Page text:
Funding crisis due to Covid-19 forces grounding of Ireland’s first charity-funded air ambulance


A funding crisis caused by the Covid-19 pandemic has forced the grounding of Ireland’s first charity-funded air ambulance.

Lives will now be at risk, the service operators warned last night when the plug is pulled on the service next Friday.

The helicopter emergency medical service provided a vital frontline medical service to over 500,000 people living in the south of Ireland, responding to cardiac arrests, strokes, farming accidents and road traffic collisions.

Run by Irish Community Rapid Response (ICRR) and staffed by National Ambulance Service medical personnel, the aircraft will be grounded from April 3.

The service has flown over 351 missions since its launch eight months ago from its base near Millstreet in North Cork.

But it has been struggling in recent months to raise enough money to stay airborne.

ICRR’s operations manager Ruth Bruton said the Covid-19 crisis has cut off all of its fundraising avenues.

She said members of the ICRR board are distraught at having to cease operations and withdraw this service during the current crisis at a time when Ireland’s frontline health and medical service needs support more than ever before.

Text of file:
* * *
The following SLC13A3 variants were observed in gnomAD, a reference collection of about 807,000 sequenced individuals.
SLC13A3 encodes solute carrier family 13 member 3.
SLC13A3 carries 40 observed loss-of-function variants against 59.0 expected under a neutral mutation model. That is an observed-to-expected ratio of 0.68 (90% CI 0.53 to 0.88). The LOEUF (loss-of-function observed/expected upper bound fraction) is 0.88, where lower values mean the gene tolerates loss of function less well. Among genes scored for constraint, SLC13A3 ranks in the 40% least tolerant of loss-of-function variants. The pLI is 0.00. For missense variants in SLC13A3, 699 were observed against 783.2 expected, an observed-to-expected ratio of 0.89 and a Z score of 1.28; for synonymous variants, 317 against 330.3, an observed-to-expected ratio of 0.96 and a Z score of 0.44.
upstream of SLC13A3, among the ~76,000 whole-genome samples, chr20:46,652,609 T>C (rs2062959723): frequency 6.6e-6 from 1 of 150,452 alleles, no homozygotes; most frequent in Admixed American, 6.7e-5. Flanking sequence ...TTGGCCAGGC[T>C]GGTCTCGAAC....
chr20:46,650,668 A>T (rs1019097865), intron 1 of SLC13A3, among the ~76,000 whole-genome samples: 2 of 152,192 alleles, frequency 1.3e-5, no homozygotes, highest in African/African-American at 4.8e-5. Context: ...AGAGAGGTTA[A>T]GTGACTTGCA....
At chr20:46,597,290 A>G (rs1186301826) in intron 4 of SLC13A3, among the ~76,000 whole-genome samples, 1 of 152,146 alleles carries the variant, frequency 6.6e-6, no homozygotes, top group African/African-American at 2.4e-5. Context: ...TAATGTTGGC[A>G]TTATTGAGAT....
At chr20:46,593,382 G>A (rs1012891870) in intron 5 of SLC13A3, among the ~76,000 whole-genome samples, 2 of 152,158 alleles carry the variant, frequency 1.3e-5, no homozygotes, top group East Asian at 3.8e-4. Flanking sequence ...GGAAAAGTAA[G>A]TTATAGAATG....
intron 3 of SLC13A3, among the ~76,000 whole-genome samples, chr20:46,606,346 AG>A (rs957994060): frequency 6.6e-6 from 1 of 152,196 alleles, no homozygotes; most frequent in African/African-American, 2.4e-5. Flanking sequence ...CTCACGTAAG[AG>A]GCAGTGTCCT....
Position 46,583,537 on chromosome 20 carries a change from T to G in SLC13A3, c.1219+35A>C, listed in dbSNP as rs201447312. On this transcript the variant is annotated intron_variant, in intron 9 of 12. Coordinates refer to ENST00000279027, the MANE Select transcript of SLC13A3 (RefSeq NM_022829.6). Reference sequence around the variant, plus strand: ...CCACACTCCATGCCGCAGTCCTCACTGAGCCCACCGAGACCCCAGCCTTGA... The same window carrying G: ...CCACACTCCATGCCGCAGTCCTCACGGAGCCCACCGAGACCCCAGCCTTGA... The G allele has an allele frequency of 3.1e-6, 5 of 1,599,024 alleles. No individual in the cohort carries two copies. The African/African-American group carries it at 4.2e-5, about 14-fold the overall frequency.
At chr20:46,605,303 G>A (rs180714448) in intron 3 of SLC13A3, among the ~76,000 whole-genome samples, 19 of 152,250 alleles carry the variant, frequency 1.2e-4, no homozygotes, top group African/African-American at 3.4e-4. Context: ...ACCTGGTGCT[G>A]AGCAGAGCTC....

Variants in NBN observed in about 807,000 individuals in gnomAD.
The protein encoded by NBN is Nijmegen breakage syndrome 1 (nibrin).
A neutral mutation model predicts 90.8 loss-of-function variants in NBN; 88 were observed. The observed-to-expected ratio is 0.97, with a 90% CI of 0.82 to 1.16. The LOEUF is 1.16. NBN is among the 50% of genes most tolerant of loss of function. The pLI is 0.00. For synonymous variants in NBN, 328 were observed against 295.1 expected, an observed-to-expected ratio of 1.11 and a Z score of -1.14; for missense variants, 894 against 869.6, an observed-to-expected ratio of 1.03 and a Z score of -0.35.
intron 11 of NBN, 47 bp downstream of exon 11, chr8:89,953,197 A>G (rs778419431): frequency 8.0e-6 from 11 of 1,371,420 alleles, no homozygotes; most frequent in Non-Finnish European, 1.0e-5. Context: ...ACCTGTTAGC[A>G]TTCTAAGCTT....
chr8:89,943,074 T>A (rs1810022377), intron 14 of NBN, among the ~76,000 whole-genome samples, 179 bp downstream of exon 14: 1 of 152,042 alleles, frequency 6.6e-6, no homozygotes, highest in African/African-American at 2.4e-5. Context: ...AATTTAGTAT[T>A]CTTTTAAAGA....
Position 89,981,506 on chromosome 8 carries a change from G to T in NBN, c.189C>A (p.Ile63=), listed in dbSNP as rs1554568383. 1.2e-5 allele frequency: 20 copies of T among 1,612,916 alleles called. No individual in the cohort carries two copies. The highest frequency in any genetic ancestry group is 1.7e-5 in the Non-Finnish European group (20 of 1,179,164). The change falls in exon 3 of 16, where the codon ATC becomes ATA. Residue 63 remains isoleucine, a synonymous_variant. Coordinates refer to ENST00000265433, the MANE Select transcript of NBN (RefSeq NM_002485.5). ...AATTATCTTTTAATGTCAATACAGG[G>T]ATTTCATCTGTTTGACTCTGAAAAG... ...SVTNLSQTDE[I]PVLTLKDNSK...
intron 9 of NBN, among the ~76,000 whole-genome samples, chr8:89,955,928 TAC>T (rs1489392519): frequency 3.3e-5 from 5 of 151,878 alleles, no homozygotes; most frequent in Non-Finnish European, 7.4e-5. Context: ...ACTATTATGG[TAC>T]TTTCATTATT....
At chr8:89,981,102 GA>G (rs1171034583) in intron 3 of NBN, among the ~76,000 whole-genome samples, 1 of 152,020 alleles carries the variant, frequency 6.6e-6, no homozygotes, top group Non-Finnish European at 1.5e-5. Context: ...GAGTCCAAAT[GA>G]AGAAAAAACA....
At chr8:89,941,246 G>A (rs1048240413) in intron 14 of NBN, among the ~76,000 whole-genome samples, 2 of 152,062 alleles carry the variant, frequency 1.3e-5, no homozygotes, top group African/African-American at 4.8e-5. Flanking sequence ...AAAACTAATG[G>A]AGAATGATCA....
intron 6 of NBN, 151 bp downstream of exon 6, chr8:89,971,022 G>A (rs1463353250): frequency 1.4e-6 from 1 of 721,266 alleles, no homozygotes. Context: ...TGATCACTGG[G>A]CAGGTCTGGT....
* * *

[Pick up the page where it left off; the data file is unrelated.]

She said ICRR had already implemented harsh cost cutting measures in an effort to keep the service flying, including reducing its hours of operation from seven days to five days a week, laying off non-essential staff and cutting the hours of current staff.

“Our sincere thanks to the people of Ireland who supported this service and kept it flying for the last 8 months, you have all been part of a community that has saved hundreds of lives and impacted many, many families,” she said.

We could not have gotten off the ground without every single person who donated money, gave their time to fundraise or share our mission.

She said as a last resort, ICRR sought interim support from government but it has yet to get a reply.

    Useful information

  • The HSE have developed an information pack on how to protect yourself and others from coronavirus. Read it here
  • Anyone with symptoms of coronavirus who has been in close contact with a confirmed case in the last 14 days should isolate themselves from other people – this means going into a different, well-ventilated room alone, with a phone; phone their GP, or emergency department;
  • GPs Out of Hours services are not in a position to order testing for patients with normal cold and flu-like symptoms. HSELive is an information line and similarly not in a position to order testing for members of the public. The public is asked to reserve 112/999 for medical emergencies at all times.
  • ALONE has launched a national support line and additional supports for older people who have concerns or are facing difficulties relating to the outbreak of COVID-19 (Coronavirus) in Ireland. The support line will be open seven days a week, 8am-8pm, by calling 0818 222 024

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